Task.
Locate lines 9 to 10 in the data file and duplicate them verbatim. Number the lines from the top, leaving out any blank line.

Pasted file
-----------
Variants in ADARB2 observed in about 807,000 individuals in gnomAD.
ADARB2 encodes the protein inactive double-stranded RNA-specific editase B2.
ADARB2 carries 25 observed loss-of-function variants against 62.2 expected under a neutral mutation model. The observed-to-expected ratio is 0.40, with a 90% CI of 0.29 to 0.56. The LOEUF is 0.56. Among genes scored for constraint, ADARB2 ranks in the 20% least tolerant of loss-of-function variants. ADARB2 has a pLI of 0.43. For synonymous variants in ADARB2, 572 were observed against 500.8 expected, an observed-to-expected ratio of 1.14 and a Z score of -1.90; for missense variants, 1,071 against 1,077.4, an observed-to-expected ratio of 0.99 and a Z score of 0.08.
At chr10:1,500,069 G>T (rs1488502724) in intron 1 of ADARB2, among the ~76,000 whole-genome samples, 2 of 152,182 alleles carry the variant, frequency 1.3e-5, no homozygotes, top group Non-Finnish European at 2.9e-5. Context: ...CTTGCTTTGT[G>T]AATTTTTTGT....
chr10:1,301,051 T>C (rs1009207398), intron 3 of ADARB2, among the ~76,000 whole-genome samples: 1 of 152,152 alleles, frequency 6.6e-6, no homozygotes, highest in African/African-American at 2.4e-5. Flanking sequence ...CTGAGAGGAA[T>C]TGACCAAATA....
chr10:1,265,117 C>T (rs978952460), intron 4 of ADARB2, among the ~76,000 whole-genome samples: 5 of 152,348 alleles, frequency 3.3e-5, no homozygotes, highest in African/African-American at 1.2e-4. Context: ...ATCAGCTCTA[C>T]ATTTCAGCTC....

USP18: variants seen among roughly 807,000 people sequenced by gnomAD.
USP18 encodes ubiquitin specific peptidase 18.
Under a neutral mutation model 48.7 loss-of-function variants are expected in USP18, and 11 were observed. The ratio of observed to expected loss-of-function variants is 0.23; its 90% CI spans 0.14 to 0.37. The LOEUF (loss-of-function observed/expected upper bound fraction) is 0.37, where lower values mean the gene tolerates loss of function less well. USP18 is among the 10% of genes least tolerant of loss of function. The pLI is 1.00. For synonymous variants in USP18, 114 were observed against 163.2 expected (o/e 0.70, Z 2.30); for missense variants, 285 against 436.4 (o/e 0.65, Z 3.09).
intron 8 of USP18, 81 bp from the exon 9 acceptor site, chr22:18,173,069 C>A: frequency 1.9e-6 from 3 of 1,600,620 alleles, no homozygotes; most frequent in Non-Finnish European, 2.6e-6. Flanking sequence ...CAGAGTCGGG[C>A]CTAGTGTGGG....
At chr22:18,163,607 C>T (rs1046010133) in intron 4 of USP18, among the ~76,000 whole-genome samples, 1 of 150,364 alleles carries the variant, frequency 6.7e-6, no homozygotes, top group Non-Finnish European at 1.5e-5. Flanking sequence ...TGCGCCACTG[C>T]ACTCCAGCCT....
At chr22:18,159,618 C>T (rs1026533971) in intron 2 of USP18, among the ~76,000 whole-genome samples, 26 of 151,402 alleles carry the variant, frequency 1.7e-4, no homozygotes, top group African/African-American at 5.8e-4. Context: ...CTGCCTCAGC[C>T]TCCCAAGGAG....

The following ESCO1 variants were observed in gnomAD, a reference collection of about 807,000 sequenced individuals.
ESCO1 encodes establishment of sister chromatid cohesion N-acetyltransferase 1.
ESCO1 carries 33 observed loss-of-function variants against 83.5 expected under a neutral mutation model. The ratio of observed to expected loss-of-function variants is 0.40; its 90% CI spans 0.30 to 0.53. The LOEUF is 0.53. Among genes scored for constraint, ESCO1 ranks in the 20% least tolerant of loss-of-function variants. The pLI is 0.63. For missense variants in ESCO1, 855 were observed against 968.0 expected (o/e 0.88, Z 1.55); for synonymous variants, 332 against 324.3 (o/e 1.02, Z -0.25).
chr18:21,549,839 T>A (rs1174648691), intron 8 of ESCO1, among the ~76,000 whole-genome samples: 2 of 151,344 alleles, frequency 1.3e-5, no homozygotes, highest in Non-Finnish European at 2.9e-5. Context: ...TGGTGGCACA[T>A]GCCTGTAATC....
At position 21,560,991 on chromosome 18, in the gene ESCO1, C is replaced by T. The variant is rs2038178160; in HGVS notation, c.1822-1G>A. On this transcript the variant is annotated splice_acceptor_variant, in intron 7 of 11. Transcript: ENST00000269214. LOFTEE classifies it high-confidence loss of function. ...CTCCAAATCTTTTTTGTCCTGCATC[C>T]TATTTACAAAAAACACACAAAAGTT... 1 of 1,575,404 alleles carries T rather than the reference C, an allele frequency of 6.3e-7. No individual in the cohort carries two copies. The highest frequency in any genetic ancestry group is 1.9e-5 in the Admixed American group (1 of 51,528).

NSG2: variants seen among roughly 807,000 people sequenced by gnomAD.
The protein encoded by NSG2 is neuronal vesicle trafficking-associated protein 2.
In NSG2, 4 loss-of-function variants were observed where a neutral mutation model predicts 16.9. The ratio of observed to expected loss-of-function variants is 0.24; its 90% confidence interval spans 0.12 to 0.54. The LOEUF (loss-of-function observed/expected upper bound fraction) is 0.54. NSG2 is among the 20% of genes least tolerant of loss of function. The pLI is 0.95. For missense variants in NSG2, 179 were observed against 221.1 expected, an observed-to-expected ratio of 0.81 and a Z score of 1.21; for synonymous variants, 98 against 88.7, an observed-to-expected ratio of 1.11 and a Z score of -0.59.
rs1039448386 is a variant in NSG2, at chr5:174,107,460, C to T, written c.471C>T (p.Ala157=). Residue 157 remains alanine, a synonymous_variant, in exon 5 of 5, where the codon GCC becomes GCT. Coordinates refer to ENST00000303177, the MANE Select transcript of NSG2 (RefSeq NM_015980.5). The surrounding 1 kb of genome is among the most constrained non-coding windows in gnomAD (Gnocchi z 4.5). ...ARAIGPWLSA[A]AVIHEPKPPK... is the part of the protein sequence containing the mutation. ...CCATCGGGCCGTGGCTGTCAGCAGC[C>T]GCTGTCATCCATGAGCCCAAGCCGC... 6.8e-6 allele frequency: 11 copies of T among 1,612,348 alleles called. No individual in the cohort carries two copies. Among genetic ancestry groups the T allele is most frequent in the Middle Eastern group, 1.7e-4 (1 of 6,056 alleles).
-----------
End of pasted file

Under a neutral mutation model 48.7 loss-of-function variants are expected in USP18, and 11 were observed. The ratio of observed to expected loss-of-function variants is 0.23; its 90% CI spans 0.14 to 0.37. The LOEUF (loss-of-function observed/expected upper bound fraction) is 0.37, where lower values mean the gene tolerates loss of function less well. USP18 is among the 10% of genes least tolerant of loss of function. The pLI is 1.00. For synonymous variants in USP18, 114 were observed against 163.2 expected (o/e 0.70, Z 2.30); for missense variants, 285 against 436.4 (o/e 0.65, Z 3.09).
intron 8 of USP18, 81 bp from the exon 9 acceptor site, chr22:18,173,069 C>A: frequency 1.9e-6 from 3 of 1,600,620 alleles, no homozygotes; most frequent in Non-Finnish European, 2.6e-6. Flanking sequence ...CAGAGTCGGG[C>A]CTAGTGTGGG....